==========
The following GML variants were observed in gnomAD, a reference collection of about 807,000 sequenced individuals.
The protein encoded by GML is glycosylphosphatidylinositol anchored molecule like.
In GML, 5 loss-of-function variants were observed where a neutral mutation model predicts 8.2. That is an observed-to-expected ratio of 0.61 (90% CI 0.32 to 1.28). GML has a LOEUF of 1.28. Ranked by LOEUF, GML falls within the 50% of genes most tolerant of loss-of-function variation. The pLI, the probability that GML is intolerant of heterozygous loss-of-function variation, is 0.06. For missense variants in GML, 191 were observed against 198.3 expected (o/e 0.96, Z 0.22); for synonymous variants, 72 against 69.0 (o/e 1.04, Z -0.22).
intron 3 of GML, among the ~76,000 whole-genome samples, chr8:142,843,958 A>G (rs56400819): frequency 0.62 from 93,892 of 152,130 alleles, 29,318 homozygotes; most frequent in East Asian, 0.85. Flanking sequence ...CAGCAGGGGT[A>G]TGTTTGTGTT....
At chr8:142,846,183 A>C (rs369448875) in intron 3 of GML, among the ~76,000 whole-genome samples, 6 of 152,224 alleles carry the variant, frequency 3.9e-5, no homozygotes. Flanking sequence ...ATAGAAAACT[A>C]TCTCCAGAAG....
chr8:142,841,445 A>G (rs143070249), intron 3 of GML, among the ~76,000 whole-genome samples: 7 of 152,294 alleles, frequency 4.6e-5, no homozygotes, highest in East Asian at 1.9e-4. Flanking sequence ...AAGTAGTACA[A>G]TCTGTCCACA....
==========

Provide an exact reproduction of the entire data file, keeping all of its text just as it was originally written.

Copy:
The following GML variants were observed in gnomAD, a reference collection of about 807,000 sequenced individuals.
The protein encoded by GML is glycosylphosphatidylinositol anchored molecule like.
In GML, 5 loss-of-function variants were observed where a neutral mutation model predicts 8.2. That is an observed-to-expected ratio of 0.61 (90% CI 0.32 to 1.28). GML has a LOEUF of 1.28. Ranked by LOEUF, GML falls within the 50% of genes most tolerant of loss-of-function variation. The pLI, the probability that GML is intolerant of heterozygous loss-of-function variation, is 0.06. For missense variants in GML, 191 were observed against 198.3 expected (o/e 0.96, Z 0.22); for synonymous variants, 72 against 69.0 (o/e 1.04, Z -0.22).
intron 3 of GML, among the ~76,000 whole-genome samples, chr8:142,843,958 A>G (rs56400819): frequency 0.62 from 93,892 of 152,130 alleles, 29,318 homozygotes; most frequent in East Asian, 0.85. Flanking sequence ...CAGCAGGGGT[A>G]TGTTTGTGTT....
At chr8:142,846,183 A>C (rs369448875) in intron 3 of GML, among the ~76,000 whole-genome samples, 6 of 152,224 alleles carry the variant, frequency 3.9e-5, no homozygotes. Flanking sequence ...ATAGAAAACT[A>C]TCTCCAGAAG....
chr8:142,841,445 A>G (rs143070249), intron 3 of GML, among the ~76,000 whole-genome samples: 7 of 152,294 alleles, frequency 4.6e-5, no homozygotes, highest in East Asian at 1.9e-4. Flanking sequence ...AAGTAGTACA[A>G]TCTGTCCACA....